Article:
However, when we launched Magic Transit, which relies on an asymmetric routing topology with a direct server return (DSR), we couldn’t utilize our existing TCP connection tracking systems.

Beat - An Acoustics Inspired DDoS Attack

And so, being a software-defined company, we’re able to write code and spin up software when and where needed — as opposed to vendors that utilize dedicated DDoS protection hardware appliances. And that is what we did. We built flowtrackd, which runs autonomously on each server at our network’s edge. flowtrackd is able to classify the state of TCP flows by analyzing only the ingress traffic, and then drops, challenges, or rate-limits attack packets that do not correspond to an existing flow.

Beat - An Acoustics Inspired DDoS Attack

flowtrackd works together with our two additional DDoS protection systems, dosd and Gatebot, to assure our customers are protected against DDoS attacks, regardless of their size or sophistication — in this case, serving as a noise-canceling system to the Beat attack; reducing the headaches for our customers.

Read more about how our DDoS protection systems work here.

Know When You’ve Been DDoS’d

Post Syndicated from Omer Yoachimik original https://blog.cloudflare.com/announcing-ddos-alerts/

Know When You’ve Been DDoS’d

Know When You’ve Been DDoS’d

Today we’re announcing the availability of DDoS attack alerts. The alerts are available for free for all Cloudflare’s customers on paid plans.

Unmetered DDoS protection

Last week we celebrated Cloudflare’s 10th birthday in what we call Birthday Week. Every year, on each day of Birthday Week, we announce a new product with the goal of helping make the Internet a better place — one that is safer and faster. To do that, over the years we’ve democratized many products that were previously only available to large enterprises by making them available for free (or at very low cost) to all. For example, on Cloudflare’s 7th birthday in 2017, we announced free unmetered DDoS protection as part of every Cloudflare product and every plan, including the free plan.

DDoS attacks aim to take down websites or online services and make them unavailable to the public. We wanted to make sure that every organization and every website is available and accessible, regardless if they can or can’t afford enterprise-grade DDoS protection. This has been a core part of our mission. We’ve been heavily investing in our DDoS protection capabilities over the last 10 years, and we will continue to do so in the future.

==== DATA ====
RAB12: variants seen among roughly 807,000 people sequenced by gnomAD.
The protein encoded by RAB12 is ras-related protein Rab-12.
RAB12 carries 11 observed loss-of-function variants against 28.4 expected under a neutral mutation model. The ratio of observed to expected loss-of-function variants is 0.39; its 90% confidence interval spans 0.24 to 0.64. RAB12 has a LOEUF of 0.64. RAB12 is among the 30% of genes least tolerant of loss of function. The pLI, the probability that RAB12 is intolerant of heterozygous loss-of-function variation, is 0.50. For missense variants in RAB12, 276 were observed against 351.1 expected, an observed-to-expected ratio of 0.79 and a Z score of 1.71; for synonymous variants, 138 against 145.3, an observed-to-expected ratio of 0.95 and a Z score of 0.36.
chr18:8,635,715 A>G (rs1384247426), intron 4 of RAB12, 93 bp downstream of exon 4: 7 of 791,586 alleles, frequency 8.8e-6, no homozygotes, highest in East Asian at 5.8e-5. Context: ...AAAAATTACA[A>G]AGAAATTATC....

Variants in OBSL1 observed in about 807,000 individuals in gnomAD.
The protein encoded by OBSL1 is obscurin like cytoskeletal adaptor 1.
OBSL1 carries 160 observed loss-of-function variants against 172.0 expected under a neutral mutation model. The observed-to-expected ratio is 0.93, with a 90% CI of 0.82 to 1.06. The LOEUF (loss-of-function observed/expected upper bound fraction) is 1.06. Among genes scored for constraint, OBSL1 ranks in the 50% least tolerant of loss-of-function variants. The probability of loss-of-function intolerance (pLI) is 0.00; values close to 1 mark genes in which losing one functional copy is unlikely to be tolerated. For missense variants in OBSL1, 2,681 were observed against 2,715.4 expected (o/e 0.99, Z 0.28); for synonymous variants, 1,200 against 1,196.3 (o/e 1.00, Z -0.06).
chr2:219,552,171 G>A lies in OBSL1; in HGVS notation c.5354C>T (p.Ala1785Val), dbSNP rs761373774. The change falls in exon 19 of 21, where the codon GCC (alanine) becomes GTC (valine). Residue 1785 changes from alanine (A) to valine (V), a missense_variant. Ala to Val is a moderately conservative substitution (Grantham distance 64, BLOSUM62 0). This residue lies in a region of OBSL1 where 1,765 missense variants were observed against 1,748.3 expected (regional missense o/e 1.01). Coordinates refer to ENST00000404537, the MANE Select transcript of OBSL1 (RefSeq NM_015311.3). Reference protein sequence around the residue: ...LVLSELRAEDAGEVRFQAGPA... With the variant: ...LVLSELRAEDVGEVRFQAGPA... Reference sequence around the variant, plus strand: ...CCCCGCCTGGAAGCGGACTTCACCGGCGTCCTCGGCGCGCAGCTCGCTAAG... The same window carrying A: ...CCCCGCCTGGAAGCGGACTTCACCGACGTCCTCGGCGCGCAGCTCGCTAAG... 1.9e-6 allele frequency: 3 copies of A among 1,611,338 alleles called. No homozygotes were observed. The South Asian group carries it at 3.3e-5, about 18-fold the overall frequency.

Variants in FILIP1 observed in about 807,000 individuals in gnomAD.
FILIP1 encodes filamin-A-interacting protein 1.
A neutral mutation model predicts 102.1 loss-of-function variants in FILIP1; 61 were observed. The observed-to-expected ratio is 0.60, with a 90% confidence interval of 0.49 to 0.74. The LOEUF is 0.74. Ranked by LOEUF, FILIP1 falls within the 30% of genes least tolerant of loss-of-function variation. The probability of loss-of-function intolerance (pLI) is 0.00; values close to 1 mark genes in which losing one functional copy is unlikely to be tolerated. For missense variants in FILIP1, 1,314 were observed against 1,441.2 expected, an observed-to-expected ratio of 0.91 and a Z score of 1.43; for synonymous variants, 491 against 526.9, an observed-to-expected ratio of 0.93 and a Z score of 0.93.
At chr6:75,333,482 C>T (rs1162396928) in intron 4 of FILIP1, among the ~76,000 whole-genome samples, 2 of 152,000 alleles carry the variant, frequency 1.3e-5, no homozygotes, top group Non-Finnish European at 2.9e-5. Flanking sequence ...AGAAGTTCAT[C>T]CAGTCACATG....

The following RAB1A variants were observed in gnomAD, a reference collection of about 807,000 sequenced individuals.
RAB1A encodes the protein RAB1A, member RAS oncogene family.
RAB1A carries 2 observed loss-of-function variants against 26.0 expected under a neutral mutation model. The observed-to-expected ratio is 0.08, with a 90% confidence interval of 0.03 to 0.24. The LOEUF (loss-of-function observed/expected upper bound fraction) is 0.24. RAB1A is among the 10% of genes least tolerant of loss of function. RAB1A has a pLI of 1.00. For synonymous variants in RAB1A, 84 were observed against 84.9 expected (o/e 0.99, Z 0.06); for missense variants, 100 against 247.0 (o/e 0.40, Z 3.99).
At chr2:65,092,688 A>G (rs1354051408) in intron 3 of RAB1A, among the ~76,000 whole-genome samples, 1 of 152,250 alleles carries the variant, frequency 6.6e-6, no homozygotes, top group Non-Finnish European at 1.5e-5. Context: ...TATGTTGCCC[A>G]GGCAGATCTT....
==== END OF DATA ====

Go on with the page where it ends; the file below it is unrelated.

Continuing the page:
Real-time DDoS attack alerts

I’ve recently published a few blogs that provide a look under the hood of our DDoS protection systems. These systems run autonomously, they detect and mitigate attacks without any human intervention. As was the case with the 654 Gbps attack in July, and the 754 Mpps attack in June. We’ve been successful at blocking DDoS attacks and also providing our users with important analytics and insights about the attacks, but our customers also want to be notified in real-time when they are targeted by DDoS attacks.

So today, we’re excited to announce the availability of DDoS alerts. The current delivery methods by Cloudflare plan type are listed in the table below. Additional delivery methods will be made available in the future.

Delivery methods by plan

Delivery method Plan
Free Pro Business Enterprise
Email
PagerDuty

There are two types of DDoS alerts: HTTP DDoS alerts and L3/4 DDoS alerts. Whether you are eligible to one or both depends on the Cloudflare services that you are subscribed to. The table below lists the alert types by the Cloudflare service.

Alert types by service

Alert type Service
WAF/CDN Spectrum Spectrum BYOIP Magic Transit
HTTP DDoS alerts
L3/4 DDoS alerts Coming soon Coming soon

Creating a DDoS alert policy

In order to receive alerts on DDoS attacks that target your Cloudflare-protected Internet property, you must first create a notification policy. That’s fast and easy:

  1. Log in to your Cloudflare account dashboard: https://dash.cloudflare.com
  2. In the Account Home page, navigate to the Notifications tab
  3. In the Notifications card, click Create
  4. Give your notification a name, add an optional description, and the email addresses of the recipients.
Know When You’ve Been DDoS’d

If you are on the Business plan or higher, you’ll need to connect to PagerDuty before creating the alert policy. Once you’ve done so, you’ll have the option to send the alert to your PagerDuty service.

Receive the alert, view the attack, and give feedback

When developing and designing the alert template, we interviewed many of our customers to understand what information is important to them, what would make the alert useful and easy to understand. We’ve intentionally made the alert short. The email subject is also straightforward: DDoS Attack Detected, and it will only be sent from our official email address: [email protected][dot]com. Add this email to your list of trusted email addresses to assure you don’t miss the alerts.

The alert includes the following information: